If you absolutely must have spices or you aren’t going to attempt the diet, then I say add the spices, but you won’t be getting all the benefits and **my guess** is you might be more likely to eat foods with richer flavors that are more calorie dense on the non-potato days.

Q: Why is this diet not recommended for those who eat every several hours?

On Vegetable Pharm, there is a detailed explanation. Search for the phrase “Not recommended for people who eat every 2-3 hours”. This is a warning for people that have known blood sugar issues or eating disorders to do their own research and get doctor clearance before doing the diet. For healthy people that eat every 2-3 hours (Zone Dieters), I think the Potato Diet might be a good tool to relearn what satiety feels like. Eating 5-6 small meals a day without getting full makes me more and more hungry. The potato is a good teacher. I snack less because I’m full from the prior meal and I know I’m not getting a distracting novel flavor.

Q: Is there a difference between starchy and waxy potatoes?

A: I could not find an answer to this one. I suspect not. The calorie density per gram does not appear to vary much. If there is a difference, I suspect it is minor.

Last Words

I want to say that I still drink black coffee and espresso. Having carbs with my coffee makes me feel better. I’m far less likely to get jittery or crash. When I did Intermittent Fasting I often felt awful after drinking coffee. Not at first, but over time. This is a big reason I picked the Potato Diet over IF, even though I got results with IF years ago.

Potato Hack Diet book

The best resource for the potato hack is the Tim Steele book Potato Hack: Weight Loss Simplified (Amazon USAAmazon UKAmazon CanadaAmazon SpainAmazon GermanyAmazon France).

Published by

MAS

Critical MAS is the blog for Michael Allen Smith of Seattle, Washington. My interests include traditional food, fitness, economics, and web development.

23 thoughts on “Potato Diet Week 1 – Results and Observations”

  1. Interesting stuff, been waiting for an update before I try (for loss and gut health)
    How long do they keep when boiled?
    Would cold baked potatoes work as well, or is the boiling important?

  2. Good job, MAS!

    Now, to take it to completion. 3 days a week should have you at goal weight in a month or two. Then 3 days a month, or a couple times a year, will keep you there.

    Cheers,
    Tim

  3. This is inspiring! I am going to try doing this diet every other day and see what happens. Even if my weight loss is not dramatic, I like these features:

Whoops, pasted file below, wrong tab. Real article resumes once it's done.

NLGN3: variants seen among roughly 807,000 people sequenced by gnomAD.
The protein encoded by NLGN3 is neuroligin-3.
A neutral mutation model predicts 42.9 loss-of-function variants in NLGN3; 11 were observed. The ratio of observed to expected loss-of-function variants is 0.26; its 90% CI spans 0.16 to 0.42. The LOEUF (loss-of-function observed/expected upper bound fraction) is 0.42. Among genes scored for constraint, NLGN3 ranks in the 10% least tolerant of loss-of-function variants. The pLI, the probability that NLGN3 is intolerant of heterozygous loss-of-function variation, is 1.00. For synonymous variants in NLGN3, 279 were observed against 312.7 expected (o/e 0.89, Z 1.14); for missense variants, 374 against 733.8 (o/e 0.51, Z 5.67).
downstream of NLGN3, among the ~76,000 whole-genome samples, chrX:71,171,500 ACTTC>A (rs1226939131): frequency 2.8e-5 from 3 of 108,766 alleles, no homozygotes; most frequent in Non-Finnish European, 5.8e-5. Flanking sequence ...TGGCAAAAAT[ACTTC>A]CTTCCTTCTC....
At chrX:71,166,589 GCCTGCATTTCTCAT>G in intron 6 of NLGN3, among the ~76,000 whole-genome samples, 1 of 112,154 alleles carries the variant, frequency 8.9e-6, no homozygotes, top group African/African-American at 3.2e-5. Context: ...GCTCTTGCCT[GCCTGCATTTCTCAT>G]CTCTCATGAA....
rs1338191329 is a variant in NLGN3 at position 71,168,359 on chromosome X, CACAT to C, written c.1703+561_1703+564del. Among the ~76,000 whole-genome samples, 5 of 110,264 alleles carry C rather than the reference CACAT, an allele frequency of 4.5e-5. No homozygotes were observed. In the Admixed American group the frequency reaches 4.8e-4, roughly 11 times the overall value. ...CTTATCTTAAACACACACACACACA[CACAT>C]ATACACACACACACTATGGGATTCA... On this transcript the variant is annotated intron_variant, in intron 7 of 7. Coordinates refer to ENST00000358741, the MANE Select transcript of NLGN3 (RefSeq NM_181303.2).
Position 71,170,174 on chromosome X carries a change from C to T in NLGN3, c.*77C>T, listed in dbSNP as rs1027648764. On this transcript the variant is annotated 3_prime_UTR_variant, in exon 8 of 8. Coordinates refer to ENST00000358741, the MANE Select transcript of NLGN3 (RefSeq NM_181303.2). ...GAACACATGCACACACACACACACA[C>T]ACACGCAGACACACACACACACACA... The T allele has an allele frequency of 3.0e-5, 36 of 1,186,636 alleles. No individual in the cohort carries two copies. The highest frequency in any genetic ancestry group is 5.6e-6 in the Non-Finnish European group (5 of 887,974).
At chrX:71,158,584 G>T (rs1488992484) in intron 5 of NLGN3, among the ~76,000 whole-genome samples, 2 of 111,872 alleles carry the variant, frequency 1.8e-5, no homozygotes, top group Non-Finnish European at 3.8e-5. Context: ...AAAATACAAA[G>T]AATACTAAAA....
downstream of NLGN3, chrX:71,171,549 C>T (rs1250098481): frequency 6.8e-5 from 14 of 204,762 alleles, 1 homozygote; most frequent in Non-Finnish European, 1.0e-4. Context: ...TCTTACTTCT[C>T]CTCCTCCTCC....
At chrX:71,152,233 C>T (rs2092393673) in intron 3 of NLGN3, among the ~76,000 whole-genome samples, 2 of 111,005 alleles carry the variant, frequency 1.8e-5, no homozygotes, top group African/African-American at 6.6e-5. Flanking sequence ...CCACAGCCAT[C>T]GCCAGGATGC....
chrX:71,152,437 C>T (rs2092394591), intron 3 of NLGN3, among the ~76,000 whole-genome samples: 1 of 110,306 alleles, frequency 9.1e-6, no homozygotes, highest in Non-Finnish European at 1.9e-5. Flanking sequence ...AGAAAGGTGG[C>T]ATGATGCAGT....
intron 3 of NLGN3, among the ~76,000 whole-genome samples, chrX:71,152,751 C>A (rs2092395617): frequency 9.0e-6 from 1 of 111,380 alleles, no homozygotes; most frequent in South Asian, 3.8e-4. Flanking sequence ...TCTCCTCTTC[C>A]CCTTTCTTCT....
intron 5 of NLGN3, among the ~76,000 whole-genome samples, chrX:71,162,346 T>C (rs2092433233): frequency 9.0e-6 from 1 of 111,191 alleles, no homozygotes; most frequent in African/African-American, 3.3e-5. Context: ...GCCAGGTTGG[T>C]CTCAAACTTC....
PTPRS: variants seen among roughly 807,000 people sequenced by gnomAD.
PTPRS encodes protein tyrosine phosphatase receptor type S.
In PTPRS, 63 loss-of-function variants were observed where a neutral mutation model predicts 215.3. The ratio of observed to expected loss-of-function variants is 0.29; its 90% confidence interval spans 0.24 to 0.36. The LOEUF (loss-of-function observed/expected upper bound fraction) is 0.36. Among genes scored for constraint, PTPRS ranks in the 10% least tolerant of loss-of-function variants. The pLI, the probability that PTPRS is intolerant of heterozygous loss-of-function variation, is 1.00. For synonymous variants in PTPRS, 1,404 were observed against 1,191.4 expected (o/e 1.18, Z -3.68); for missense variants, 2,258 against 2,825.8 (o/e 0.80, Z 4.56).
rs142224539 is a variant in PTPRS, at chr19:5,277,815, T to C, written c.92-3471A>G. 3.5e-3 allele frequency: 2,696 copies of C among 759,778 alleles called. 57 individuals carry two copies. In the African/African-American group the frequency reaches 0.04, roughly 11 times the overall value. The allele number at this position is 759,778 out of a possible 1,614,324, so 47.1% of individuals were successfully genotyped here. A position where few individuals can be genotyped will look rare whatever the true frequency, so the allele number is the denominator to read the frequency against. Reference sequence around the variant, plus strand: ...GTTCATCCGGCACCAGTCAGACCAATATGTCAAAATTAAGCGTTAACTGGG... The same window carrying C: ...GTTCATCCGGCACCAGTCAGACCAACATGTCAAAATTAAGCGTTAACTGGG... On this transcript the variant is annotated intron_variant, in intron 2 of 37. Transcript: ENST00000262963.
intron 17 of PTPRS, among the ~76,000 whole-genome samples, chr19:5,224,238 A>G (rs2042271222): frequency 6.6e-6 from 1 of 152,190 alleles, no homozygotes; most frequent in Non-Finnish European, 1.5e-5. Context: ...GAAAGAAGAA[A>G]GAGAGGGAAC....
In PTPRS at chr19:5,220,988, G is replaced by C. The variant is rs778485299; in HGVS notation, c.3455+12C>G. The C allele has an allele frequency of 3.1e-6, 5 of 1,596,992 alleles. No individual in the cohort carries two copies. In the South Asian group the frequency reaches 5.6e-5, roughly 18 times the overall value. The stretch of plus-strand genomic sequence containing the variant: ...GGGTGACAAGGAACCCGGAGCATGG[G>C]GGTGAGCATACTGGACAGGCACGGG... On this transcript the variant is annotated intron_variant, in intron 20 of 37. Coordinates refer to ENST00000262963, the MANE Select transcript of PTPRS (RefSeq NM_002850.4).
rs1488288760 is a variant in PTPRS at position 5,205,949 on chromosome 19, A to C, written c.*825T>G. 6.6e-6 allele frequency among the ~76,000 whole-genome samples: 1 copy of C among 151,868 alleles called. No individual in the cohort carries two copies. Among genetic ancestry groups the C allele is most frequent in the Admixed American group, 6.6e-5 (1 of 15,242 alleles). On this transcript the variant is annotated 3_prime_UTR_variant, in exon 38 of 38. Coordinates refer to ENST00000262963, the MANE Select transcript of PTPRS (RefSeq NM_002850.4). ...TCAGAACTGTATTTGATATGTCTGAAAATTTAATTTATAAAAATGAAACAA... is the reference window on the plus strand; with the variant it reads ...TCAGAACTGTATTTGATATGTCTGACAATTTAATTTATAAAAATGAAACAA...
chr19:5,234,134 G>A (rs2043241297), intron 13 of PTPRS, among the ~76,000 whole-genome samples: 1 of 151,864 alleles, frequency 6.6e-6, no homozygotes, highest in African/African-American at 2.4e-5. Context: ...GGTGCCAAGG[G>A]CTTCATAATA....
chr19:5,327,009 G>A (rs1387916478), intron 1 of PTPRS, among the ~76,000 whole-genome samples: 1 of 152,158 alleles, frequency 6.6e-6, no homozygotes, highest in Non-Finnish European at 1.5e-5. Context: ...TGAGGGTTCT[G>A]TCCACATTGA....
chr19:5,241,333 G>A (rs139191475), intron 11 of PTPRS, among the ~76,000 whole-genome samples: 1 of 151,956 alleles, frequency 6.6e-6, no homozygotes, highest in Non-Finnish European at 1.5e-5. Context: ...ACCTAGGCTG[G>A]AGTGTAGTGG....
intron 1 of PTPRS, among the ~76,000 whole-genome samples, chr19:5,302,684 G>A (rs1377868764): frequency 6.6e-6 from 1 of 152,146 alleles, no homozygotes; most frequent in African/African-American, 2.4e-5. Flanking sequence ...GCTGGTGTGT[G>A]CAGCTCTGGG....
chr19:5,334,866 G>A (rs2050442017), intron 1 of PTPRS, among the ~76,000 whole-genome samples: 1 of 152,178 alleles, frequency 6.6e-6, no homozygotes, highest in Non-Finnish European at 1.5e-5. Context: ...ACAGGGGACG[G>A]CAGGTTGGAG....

• Anti-inflammatory effect of potatoes

    • Simplicity, not thinking about food choices

    • Low cost

    • Protein hunger bounce (I always get a big protein hunger from IF, so I know how that feels)

    • Satiety without needing to fast 100%

    What’s not to dig?!

  4. Good idea to eat slowly. I’ve been getting an upset stomach after eating about 1.5-2lbs of potatoes. I tend to eat fast. That’s probably why I’m getting queasy afterwards

  5. Does the body go into “starvation mode” on just potatoes? I read somewhere that IFing isn’t as good for females as males due to different hormonal structure, etc. & that IFing (and “starvation mode” in general) is bad for fertility. Any thoughts on how a wannabe fertile body might react to a potato diet hack?

  6. @Rita – I would think it does the opposite. At the top of the Potato Diet page on VegPharm, it covers how the hormones associated with communicating satiety as satisfied on a full belly.
    http://vegetablepharm.blogspot.jp/p/the-potato-diet_14.html

    On IF the body is fueled by FFA (free fatty acids). On PD, the body is fueled by glucose as potatoes are 95% carbs. For my needs and the needs of others this is a good thing. See my notes on this post: https://criticalmas.org/2015/10/the-myth-of-stress-notes/

    As for fertility, I wouldn’t recommend dieting at all. Growth mindset. Lots of nutrients and enough calories to support you and the baby (or babies). That is my initial reaction, but I have not researched fertility at all.

  7. So let me recap, a very high carb diet works, a very high protein diet works and a very high fat diet works. Couldn’t it just be that we should alternative that macro nutritions?

  8. This was interesting enough for me to try a little tweak.

    I have no wish to go full potato, but it occured to me that doing potatoes for breakfast and lunch would keep calories lower than usual for those two meals, and take away the need for entertaining food, whilst still allowing me to eat a normal dinner with the wife and kids.

    Trying it out today, feels alright. Cold taters for breakfast, reheated with a side of salsa for lunch. Not too shabby.

  9. What’s your reasoning for only doing this 3 days a week? I’m 25-30 pounds overweight and want to jump start my weight loss, so would I’d be able to do this diet for every day for a couple or three weeks just to sort of get my system dumping this weight at a quicker pace?

  10. @Brian – I picked 3 days because it works with my schedule and it is tough enough to be doable, but not too extreme.